The fate of two large oak trees is a concern in a plan to expand the parking lot for an office building in the Buckhead Forest neighborhood.

On Sept. 7, the local SPI-9 Design Review Committee reviewed an application from the owners of 3166 Mathieson Drive to enlarge the lot behind the building. That would involve cutting down two tall oak trees, one 45 inches in circumference and the other 43 inches, as well as some smaller trees, according to DRC meeting minutes.

The 3166 Mathieson Drive office building with the trees behind it. (Photo John Ruch)

“A 45-inch oak tree is a treasure,” said DRC member Sally Silver, adding that the city arborist is also concerned.
No one showed up to represent the applicant at the DRC meeting, Silver said, and the city of Atlanta says it has not yet received an updated application. Dale Baumann, who is listed as the agent for property owner Forum Investment Properties LLC, did not return a phone call.

The oak trees tower over the stone-faced office building to roughly twice its two-story height.

According to city spokesperson Jewanna Gaither, the owners originally applied for a parking lot expansion in 2014 and the city arborist examined the largest tree at that time. That application was “terminated” in February 2016, she said.

Under the latest application reviewed by the SPI-9 DRC, the owners want to increase the parking from 10 to 17 spaces. By the DRC’s original calculation, that exceeds the amount allowed under zoning and would require removing the oaks as well as a 14-inch cherry tree, a 7-inch dogwood tree and 14-inch pine trees. The committee recommended denial.

However, the applicant later provided information showing that the calculation of the building’s square-footage—the basis for figuring out the amount of parking spaces allowed—was too low and that the owners were entitled to up to 21 parking spaces.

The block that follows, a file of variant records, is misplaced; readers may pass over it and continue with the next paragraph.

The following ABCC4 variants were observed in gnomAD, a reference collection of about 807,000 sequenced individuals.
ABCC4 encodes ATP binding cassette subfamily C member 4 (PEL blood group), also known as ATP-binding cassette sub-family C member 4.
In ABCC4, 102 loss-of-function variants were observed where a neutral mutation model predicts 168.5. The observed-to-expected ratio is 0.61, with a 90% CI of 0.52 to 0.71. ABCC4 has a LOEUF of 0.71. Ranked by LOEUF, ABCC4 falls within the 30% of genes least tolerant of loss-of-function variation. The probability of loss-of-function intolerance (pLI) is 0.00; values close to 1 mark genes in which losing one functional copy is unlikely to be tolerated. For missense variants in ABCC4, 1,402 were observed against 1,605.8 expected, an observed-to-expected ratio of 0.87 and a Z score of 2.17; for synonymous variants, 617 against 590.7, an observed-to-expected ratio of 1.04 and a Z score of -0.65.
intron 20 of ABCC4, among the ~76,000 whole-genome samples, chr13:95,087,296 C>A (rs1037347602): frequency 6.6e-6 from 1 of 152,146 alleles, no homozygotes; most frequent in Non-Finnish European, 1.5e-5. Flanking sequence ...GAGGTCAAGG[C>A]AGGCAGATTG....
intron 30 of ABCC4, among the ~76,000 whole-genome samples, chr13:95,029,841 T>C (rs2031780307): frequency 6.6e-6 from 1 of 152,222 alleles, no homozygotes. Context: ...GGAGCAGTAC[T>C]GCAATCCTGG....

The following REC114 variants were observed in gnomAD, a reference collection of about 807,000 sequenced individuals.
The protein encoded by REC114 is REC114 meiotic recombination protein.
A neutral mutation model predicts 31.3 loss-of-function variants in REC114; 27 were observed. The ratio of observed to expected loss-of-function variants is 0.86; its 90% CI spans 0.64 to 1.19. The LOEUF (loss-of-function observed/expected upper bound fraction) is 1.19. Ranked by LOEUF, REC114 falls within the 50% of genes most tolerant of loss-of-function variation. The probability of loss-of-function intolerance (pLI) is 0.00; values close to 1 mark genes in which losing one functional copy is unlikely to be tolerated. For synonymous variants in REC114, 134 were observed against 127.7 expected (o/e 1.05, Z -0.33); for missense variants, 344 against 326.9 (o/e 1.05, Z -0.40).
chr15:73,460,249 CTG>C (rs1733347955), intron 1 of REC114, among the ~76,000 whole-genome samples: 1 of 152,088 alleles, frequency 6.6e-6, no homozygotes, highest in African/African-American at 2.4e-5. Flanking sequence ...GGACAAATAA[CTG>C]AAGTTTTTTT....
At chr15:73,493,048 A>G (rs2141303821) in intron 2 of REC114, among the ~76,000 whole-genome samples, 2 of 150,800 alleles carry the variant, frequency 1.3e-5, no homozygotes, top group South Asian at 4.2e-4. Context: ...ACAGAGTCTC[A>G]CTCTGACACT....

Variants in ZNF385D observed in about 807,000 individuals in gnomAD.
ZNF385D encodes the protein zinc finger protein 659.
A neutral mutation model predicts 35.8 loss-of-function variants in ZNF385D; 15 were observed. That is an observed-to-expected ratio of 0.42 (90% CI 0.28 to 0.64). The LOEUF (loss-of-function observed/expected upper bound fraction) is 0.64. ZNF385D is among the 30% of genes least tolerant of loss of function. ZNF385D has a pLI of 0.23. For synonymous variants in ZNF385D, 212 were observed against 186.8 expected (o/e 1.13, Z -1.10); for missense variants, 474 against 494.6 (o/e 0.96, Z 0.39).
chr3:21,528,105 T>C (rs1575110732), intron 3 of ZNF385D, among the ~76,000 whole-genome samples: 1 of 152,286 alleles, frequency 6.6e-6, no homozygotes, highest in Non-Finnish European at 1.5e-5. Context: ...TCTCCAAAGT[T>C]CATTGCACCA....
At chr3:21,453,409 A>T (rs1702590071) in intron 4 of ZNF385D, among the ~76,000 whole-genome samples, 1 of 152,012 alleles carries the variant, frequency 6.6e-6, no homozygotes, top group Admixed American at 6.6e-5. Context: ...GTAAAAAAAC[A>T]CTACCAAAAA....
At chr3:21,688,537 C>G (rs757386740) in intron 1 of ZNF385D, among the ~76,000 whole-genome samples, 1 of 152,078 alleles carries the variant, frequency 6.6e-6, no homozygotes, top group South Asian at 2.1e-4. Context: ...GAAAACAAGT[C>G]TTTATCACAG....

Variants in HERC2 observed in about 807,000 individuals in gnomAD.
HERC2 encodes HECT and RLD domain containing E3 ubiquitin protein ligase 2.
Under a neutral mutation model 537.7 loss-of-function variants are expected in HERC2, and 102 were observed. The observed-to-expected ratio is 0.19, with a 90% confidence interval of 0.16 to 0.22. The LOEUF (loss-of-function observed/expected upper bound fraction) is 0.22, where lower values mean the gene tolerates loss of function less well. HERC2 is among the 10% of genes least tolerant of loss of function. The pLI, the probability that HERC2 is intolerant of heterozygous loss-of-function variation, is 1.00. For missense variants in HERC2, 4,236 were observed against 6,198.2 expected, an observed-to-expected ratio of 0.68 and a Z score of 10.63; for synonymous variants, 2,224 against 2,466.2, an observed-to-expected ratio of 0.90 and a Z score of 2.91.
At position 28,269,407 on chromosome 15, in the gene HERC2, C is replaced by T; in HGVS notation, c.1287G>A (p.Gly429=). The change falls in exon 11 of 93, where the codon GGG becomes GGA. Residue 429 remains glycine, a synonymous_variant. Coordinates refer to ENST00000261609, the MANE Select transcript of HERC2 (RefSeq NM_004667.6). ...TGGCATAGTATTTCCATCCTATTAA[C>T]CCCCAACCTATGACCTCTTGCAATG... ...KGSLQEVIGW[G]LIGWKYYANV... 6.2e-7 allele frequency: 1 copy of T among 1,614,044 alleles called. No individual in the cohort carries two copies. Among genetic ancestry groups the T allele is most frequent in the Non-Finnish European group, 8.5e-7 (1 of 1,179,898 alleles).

The two large oak trees at the rear of the parking lot at 3166 Mathieson Drive. (Photo John Ruch)

Based on that new information, the DRC revised its recommendation. According to its minutes, the DRC recommended “the applicant work with the planning department to revise the proposed parking plan in a manner that mitigates impacts to the two large existing oak trees making every effort to preserve them.”

Meanwhile, Gaither said, the owners filed a new permit application in August, but the city did not accept the plans because they were incomplete. The city is awaiting any updated filing.

John Ruch

John Ruch is an Atlanta-based journalist. Previously, he was Managing Editor of Reporter Newspapers.

One reply on “Fate of large trees a concern in Buckhead Forest parking lot plan”

  1. Oak trees can live for up to three hundred years. White oaks, for example, are great for attracting insects that provide food for birds. Trees in general can lower ground temperatures by as much as 15-20 degrees, convert large amounts of carbon into oxygen and water, and store over a thousand pounds of water per year in its roots instead of running down a flood plain. This metro area isn’t the largest urban forest in the United States for nothing. And we need to keep it that way.

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